two other surviving members of his Polar expedition party, Edward
Wilson and Henry "Birdie" Bowers--perished in a small
tent on the vast, frozen plain of Antarctica's Ross Barrier.
Bested by Norwegian Roald Amundsen in the bid to be first at
the South Pole, the three died on the return journey, only eleven
miles shy of a storage depot of food and supplies that might
well have saved their lives.
In the decades since, Scott's legend has been by turns hailed
and assailed, some calling him a great adventurer and man of
science felled by misfortune, others deriding him as a near incompetent
blinded by fatally romantic notions of the moral value of human
endurance, who led his companions to unnecessary and avoidable
In either case, perhaps the greatest irony is that the legend
of his death has forever since dwarfed the story of Amundsen's
success. In the end, it's the loser in that race to the Pole
that everyone remembers.
Roland Huntford's The Last Place on Earth was an exhaustive
and engrossing effort to redress that historical imbalance, lauding
the meticulous planning of every detail that won Amundsen and
his men the Pole and then returned them hale and hearty to proclaim
their victory. Huntford's book also stands as the leading proponent
of what Susan Solomon, in The Coldest March, her new examination
of the Scott story, calls the "Scott the bumbler" theory,
and in many respects Solomon's book seems to be aimed square
at countering Huntford's position. (Click here to read WAG's review of The Last
Place on Earth.)
What gives Solomon's book particular merit in the growing
number of recent Polar books, however, is that Solomon brings
a new element of scientific detail to the story. Solomon is a
senior scientist at the National Oceanic and Atmospheric Administration,
and she led the National Ozone Expedition in Antarctica to study
the growing Antarctic ozone hole. She knows Antarctica's unfathomable
cold and its unpredictable weather. She marshals a wide range
of scientific and historical details both from the Scott expedition's
own records and from more recent research to paint a more nuanced
picture of Scott and the factors that led to the death of all
members of his Polar party.
It is clear that Solomon thinks Scott deserves considerable
credit for what he and his party accomplished, and indeed when
evaluating the strengths and weaknesses of the Scott expedition
from the cozy comforts of an armchair, one does well to keep
in mind the astonishing courage and fortitude of men willing,
even eager, to plunge into a desolate, trackless unknown raked
by howling blizzards, where midwinter temperatures can drop into
the minus-70s, for the sake of an almost entirely symbolic quest.
Scott's Polar party trudged and skied more than nine hundred
miles to the pole, and almost all the way back, hauling hundreds
of pounds of equipment and supplies behind them on wooden sledges.
Arguably, Scott's prejudice in favor of the grueling and exhausting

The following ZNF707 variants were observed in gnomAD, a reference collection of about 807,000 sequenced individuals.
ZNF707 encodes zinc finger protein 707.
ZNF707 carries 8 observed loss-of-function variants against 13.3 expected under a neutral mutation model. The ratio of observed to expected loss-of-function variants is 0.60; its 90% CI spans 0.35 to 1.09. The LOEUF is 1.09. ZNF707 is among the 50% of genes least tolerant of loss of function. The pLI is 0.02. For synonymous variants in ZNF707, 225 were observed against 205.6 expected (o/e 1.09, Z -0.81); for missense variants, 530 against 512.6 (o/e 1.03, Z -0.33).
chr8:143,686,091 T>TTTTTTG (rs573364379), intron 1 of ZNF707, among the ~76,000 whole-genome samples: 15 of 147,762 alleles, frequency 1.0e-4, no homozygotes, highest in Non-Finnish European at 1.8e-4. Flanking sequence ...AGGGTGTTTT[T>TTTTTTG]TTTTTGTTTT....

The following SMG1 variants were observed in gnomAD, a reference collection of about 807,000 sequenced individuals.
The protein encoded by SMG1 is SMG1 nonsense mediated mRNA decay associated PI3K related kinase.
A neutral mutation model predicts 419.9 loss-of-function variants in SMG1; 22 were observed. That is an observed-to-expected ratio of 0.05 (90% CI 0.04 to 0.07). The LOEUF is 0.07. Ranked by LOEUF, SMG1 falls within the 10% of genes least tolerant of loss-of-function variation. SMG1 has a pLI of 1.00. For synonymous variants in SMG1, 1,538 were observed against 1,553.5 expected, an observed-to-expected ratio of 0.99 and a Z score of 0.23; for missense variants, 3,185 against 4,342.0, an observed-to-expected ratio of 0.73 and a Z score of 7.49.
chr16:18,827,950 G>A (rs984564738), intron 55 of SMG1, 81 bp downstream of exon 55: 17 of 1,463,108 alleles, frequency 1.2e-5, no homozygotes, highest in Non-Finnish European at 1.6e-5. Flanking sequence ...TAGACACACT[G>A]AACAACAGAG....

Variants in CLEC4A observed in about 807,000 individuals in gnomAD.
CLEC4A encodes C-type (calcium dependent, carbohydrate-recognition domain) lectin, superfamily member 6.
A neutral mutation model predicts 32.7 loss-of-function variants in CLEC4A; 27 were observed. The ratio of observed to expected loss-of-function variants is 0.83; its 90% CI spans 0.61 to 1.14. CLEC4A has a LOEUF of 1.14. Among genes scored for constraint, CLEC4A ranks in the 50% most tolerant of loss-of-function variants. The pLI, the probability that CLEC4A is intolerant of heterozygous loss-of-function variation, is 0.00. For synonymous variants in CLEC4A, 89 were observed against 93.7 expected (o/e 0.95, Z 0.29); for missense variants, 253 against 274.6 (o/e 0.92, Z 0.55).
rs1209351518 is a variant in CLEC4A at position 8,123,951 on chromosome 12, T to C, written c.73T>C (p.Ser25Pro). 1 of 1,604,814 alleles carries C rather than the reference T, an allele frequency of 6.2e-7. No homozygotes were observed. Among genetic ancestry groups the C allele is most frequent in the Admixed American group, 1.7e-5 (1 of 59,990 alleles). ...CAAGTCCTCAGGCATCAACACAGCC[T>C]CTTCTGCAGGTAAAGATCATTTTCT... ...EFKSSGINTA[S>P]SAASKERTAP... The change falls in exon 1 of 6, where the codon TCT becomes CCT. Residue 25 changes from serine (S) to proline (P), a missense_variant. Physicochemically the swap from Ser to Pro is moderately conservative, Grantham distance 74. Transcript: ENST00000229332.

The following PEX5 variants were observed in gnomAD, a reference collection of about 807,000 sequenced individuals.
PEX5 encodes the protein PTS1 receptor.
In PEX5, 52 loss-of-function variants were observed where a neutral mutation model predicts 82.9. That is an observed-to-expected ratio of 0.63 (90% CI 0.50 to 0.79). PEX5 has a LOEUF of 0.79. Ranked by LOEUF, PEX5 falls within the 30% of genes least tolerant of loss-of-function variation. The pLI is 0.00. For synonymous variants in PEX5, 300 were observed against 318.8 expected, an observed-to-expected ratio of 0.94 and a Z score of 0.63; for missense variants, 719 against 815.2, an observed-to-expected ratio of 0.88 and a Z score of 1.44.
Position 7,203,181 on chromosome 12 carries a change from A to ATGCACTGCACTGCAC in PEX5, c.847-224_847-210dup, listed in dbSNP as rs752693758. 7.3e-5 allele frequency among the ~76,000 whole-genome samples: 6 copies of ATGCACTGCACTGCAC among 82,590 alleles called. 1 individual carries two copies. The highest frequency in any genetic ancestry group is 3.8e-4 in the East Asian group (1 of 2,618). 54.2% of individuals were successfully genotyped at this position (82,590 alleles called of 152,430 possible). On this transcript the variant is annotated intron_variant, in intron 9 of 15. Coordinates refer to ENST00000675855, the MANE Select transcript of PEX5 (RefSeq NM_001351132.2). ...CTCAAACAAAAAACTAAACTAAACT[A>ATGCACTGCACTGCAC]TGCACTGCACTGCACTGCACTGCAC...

manhauling was his greatest error (Amundsen used dogs, to great
success), for the simple reason that a man who couldn't walk--whether
from injury, illness or frostbite--was a dead man. Solomon suggests
the possibility that at the end, eleven miles from that life-saving
depot, it was Scott, his foot so severely frostbitten that he
had written "amputation is the least I can hope for now,"
who was the one who couldn't walk, and that his companions nobly
refused to abandon him there, and thus shared his fate.
More importantly, however, Solomon argues that the most significant
element contributing to the fateful end of the Polar party was
an unexpectedly and unpredictably bitter cold--temperatures plunging
as low as below 40 degrees Fahrenheit, during the final
days of marching on the Ross Ice Barrier, where Scott had expected
to encounter warmer temperatures. Their clothes were ragged,
their bodies wasted, their fur sleeping bags nightmarish encasements
of ice offering little in the way of comfort or welcoming sleep,
and the snow surface on which they dragged their sledge had,
at these low temperatures, a consistency more like sand than
ice, so that each mile was arduously won.
Solomon is balanced in her approach to Scott. Where the evidence
she has compiled suggests his shortcomings, she is candid in
analyzing them, and thus she cannot altogether vindicate the
man to his critics. She shows us a man dedicated to scientific
principles of careful measurement and evaluation--but prey to
fateful errors of judgement. Amundsen built wide margins of safety
into his plans and scrupulously oversaw essential details in
the outfitting of his Polar expedition. Scott cut things close
in too many ways, and the one critical thing he didn't seem to
plan for was the unexpected. In a harsh and unforgiving climate,
he pinned his party's success on things going smoothly according
to the expected. Under the circumstances, the truly amazing thing
isn't that he and his companions died, but that they came so
close to surviving.
For those endlessly fascinated by tales of Polar exploration
(this reader being one of them), Solomon's book offers an interesting
new examination of the Scott expedition, and it even questions
some long-standing details of the Scott story, such as the theory
that the Polar party was suffering from scurvy at the end, and
that it was a days-long blizzard that pinned the three surviving
explorers in the tent until their deaths.
The odd element in the book is the series of chapter openers
in which we follow the thoughts, experiences and mishaps of a
hypothetical individual known only as "the visitor,"
at the modern-day McMurdo and South Pole research stations. If
a contemporary perspective was necessary, I would argue that
Solomon's own experiences would be more engaging than the exploits
of this fictional no-name. Still, Solomon's book has added new
depth to the mystery and romance of one of the last great feats
of exploration, and putting aside the questions and criticisms
surrounding the leader, it only furthers our respect for the
truly stalwart and courageous men who followed him down to the
bottom of the Earth.